Henri Cartier-Bresson (French, 1908-2004)
Srinagar, Kashmir, 1948, a later printing. Signed "Henri Cartier-Bresson" in ink l.r., inscribed "41 AGP" in pencil l.l. on the verso and "Z. 201" in pencil l.r. Gelatin silver print, image size 9 1/2 x 14 in. (24.1 x 35.6 cm), framed.
Condition: Small area of staining affecting the emulsion to l.c. edge and l.r. corner outside of the image, minor accretions to u.l. edge visible in raking light.
N.B. Cartier-Bresson visited India for the first time in 1947 amid its fraught postwar political transition from British colonial rule to independence and the partition of India and Pakistan. This period was marked by a surge of violence between Hindus, Muslims, and Sikhs, with the partition displacing hundreds of thousands of refugees between India and Pakistan in just two years, and several millions in the decades after. From 1931-1951 several million refugees went missing as they attempted to cross into either India or Pakistan in order to escape religious attacks and persecution, and up to 2 million people perished due to wide-spread violence. Arguably one of the most notable victims of this religious violence was Mahatma Gandhi. In 1948, Cartier-Bresson met with Gandhi, who had just finished a six-day fast calling for an end to the inter-communal brutality over the partition. They met again the following day a mere 90 minutes before Gandhi was assassinated by a Hindu Nationalist. Cartier-Bresson subsequently documented his funeral and the national outpouring of grief that followed in the wake of his death.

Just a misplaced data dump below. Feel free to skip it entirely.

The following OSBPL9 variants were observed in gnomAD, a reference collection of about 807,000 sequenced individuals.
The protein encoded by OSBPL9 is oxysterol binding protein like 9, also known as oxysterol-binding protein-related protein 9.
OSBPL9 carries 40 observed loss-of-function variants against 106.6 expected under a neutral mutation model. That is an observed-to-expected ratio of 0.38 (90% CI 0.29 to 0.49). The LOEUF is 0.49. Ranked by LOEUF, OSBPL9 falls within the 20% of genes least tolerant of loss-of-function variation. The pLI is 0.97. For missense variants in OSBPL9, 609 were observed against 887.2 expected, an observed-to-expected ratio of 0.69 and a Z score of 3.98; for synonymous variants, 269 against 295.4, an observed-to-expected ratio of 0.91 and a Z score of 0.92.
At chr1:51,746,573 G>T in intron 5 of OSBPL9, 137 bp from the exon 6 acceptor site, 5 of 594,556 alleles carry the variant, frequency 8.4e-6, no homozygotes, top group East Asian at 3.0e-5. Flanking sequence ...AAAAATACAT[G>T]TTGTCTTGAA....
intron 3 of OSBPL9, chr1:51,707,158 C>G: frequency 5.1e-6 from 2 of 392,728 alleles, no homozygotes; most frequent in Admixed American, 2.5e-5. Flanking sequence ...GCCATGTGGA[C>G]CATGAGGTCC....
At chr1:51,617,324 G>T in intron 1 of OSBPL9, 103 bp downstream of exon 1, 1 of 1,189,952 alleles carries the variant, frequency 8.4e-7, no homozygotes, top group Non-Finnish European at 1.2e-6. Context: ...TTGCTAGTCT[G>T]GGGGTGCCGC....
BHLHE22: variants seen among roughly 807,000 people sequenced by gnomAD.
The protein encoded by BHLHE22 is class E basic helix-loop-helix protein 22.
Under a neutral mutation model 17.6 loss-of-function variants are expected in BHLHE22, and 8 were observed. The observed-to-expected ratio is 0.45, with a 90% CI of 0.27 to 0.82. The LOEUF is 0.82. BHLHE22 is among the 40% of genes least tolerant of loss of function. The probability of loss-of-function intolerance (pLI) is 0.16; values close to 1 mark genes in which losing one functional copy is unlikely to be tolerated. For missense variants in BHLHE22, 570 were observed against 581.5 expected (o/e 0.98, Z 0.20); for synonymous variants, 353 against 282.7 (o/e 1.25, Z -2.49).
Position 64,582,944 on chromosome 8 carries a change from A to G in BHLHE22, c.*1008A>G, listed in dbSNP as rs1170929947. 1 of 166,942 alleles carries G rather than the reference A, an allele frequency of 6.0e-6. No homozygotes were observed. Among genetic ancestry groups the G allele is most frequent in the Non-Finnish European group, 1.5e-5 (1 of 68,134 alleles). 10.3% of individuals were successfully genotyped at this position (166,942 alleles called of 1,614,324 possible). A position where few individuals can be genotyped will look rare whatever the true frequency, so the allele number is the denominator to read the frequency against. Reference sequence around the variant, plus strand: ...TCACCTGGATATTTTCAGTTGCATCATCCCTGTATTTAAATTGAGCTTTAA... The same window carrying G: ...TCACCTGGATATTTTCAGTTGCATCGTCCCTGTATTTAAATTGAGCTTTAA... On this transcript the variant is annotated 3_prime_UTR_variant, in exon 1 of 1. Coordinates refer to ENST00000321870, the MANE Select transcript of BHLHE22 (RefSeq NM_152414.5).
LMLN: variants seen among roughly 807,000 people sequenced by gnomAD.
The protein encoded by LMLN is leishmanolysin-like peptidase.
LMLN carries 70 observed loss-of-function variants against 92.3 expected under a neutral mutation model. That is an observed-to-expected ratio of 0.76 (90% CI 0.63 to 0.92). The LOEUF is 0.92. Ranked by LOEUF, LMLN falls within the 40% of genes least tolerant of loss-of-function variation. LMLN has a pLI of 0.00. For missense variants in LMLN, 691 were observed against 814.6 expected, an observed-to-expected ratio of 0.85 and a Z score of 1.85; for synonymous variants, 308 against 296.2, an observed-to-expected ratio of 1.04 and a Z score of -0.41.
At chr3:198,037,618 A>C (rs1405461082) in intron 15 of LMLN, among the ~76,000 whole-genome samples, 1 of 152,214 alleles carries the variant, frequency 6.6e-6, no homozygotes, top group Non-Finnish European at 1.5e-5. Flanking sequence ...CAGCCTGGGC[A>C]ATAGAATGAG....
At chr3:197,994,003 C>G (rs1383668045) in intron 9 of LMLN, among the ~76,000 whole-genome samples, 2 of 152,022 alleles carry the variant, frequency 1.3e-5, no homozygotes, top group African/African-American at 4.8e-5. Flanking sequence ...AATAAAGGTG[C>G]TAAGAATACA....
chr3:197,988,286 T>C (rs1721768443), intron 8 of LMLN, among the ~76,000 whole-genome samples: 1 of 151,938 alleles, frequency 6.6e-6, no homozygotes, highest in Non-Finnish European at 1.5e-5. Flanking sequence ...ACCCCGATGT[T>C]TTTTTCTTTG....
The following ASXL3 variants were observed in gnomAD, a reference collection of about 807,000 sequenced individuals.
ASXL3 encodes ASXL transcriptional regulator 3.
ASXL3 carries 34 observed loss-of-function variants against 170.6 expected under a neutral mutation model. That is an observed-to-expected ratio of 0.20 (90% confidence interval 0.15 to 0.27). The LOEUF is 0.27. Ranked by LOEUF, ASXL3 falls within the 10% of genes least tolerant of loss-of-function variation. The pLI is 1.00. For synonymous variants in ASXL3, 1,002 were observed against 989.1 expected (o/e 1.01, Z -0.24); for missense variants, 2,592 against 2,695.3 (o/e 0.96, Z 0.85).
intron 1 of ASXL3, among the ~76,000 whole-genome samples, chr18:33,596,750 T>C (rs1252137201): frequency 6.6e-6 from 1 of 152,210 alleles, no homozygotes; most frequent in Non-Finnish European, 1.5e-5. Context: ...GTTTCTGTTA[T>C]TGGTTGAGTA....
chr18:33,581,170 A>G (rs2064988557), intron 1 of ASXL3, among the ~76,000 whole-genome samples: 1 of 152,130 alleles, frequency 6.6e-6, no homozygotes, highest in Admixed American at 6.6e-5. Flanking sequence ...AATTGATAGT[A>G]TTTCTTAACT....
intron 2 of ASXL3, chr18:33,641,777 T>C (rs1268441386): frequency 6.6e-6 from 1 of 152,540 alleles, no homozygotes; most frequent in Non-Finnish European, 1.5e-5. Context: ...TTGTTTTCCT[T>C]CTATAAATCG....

His images from this three-year trip to Asia are often quiet and self-effacing, such as Srinagar, Kashmir, where a group of Muslim women gather on top of Hari Parbat hill to pray as the sun rises behind the Himalayas. The image is full of a static gravity while bearing Cartier-Bresson's characteristic strength in structure as seen in the visual parallel between the line of the women and the mountains. Aware of his privileged position as a white European male, he made an effort not to photograph India from above in what could be seen as a reductive manner, but instead placed himself among his subjects. His portfolio of India captured scenes of mourning and fleeing refugees, but also scenes of daily life and its rituals. With these images Cartier-Bresson achieved global recognition as both an artist and photojournalist, and would go on to document his travel around the world.
Sheet size 12 x 15 3/4 in. The print suggests the negative has been retouched.
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